The Origin of Prosociality Toward Strangers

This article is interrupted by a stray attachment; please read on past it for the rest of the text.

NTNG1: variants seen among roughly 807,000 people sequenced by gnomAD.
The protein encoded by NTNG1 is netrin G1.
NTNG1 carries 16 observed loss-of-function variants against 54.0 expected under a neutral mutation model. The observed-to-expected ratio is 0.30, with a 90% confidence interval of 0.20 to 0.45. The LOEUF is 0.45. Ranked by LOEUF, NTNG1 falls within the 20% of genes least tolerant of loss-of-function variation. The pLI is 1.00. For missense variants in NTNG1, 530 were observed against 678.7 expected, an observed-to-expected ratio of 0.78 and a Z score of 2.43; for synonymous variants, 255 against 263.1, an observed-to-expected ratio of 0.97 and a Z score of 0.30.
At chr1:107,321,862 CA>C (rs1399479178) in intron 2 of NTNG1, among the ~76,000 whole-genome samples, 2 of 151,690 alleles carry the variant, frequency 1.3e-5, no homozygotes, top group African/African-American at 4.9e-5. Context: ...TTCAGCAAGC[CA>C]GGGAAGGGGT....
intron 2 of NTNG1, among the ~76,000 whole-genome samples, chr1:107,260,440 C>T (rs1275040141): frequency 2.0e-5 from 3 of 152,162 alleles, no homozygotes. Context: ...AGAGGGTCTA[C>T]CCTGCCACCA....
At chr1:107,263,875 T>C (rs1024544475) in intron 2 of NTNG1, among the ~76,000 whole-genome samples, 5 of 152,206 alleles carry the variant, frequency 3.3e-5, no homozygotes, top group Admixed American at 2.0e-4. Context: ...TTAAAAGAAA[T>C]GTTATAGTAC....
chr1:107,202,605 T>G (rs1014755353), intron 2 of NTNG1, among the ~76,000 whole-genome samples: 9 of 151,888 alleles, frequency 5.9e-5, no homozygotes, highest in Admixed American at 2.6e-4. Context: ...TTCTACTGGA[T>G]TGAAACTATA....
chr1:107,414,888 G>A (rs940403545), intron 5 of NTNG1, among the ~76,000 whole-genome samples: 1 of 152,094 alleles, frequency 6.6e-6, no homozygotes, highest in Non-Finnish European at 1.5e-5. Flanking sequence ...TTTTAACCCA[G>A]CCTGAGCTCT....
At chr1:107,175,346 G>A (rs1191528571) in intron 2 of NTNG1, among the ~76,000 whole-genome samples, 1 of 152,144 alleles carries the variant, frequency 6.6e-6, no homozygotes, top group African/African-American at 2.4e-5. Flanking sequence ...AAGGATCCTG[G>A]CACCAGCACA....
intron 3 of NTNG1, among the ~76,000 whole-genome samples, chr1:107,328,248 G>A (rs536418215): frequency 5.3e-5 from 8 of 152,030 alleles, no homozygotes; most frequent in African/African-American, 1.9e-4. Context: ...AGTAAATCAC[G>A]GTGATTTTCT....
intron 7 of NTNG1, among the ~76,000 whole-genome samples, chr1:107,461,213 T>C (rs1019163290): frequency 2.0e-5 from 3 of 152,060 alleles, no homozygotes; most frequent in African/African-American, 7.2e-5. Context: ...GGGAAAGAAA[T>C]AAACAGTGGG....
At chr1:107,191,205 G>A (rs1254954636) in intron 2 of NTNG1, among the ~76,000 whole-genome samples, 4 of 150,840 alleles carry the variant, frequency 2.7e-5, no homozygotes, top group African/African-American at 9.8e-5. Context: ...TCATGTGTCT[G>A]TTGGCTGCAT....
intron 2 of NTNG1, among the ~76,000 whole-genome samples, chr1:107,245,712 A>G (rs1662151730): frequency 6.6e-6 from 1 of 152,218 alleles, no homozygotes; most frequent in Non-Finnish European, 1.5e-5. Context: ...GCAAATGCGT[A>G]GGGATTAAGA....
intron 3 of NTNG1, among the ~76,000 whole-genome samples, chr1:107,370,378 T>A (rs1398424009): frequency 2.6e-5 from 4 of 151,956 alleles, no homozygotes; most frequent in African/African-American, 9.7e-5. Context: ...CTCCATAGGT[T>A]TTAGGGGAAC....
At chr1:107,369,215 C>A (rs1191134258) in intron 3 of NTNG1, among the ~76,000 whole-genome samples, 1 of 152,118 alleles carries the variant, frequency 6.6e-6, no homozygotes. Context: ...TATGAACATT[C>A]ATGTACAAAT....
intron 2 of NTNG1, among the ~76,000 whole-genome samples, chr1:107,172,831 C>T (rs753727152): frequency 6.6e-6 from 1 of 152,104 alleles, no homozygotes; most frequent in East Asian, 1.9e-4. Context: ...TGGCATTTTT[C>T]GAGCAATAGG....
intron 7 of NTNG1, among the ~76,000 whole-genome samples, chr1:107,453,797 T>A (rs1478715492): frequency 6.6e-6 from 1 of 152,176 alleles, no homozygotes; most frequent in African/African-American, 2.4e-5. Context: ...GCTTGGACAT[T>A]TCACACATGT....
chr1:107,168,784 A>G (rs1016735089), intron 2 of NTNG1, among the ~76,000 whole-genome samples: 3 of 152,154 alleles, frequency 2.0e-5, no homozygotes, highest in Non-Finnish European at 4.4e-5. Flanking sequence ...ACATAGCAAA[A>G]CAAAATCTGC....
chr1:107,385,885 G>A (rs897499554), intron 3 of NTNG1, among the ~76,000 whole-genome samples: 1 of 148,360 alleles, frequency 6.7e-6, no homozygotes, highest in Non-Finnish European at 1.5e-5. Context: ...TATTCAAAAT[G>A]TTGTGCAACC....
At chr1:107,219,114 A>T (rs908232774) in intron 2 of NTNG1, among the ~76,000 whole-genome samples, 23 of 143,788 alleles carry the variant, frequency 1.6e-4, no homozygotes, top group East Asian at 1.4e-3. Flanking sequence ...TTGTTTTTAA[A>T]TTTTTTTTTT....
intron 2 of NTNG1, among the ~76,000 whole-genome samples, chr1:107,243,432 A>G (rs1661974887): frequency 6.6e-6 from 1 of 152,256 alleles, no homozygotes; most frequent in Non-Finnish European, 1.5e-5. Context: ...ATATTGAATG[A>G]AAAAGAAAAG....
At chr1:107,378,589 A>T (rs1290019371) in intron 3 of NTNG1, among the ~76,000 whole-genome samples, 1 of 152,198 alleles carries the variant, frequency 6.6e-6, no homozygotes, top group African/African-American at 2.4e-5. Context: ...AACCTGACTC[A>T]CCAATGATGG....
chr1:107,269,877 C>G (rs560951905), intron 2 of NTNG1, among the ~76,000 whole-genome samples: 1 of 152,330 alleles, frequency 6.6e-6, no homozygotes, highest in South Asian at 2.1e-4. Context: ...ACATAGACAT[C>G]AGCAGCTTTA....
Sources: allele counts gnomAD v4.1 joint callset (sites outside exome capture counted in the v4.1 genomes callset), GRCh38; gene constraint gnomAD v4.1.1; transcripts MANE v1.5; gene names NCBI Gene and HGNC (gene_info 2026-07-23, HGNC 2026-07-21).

Humans are champions of prosociality. Across different cultures and early in life, humans routinely engage in prosocial behaviors that benefit others. Perhaps most strikingly, humans are even prosocial toward strangers (i.e. xenophilic). This is an evolutionary puzzle because it cannot be explained by kinship theory, reciprocal altruism or reputation. The parochialism hypothesis proposes that this extreme prosociality is unique to humans, is motivated by unselfish motivation and evolved through group selection made possible by human culture and warfare. The first impression hypothesis, on the other hand, proposes that xenophilia can evolve to promote the selfish benefits that accrue from extending one's social network. It predicts that 1) nonhuman species can evolve prosociality toward strangers when the benefit of forming new relations is higher than the cost, 2) the motivation for prosociality can be selfish, and 3) encounters with strangers can be a positive social event since strangers represent potential social partners. This dissertation presents three sets of experiments designed to test these predictions with bonobos (Pan paniscus), a species known for reduced xenophobia. These experiments showed, first, that bonobos voluntarily shared monopolizable food with a stranger and helped the stranger to obtain out-of-reach food. Second, the observed prosociality was driven by a selfish motivation to initiate an interaction with the stranger in close proximity and an other-regarding motivation to benefit the stranger. Third, an involuntary yawning task and a voluntary choice task show converging results that bonobos attribute positive valence to completely unknown strangers by default. These experiments support the three core predictions of the first impression hypothesis and challenge the view that intergroup competition is crucial to the origin of prosociality toward strangers in our species. Instead, the first impression hypothesis proposes that xenophilia in bonobos is probably an adaptation to initiating non-kin cooperation. Because female bonobos are highly cooperative even though they are the dispersing sex, xenophilia might function to quickly establish cooperative relationships with new immigrants. This suggests that xenophilia and reciprocity are likely two complementary aspects of non-kin cooperation: the former explains its initiation while the latter explains its maintenance. Similarly, xenophilia in humans is likely a result of the increasing need for cooperation among non-kin due to enhanced fission-fusion dynamics, population expansion, obligate cooperative foraging and greater dependence on cultural knowledge.
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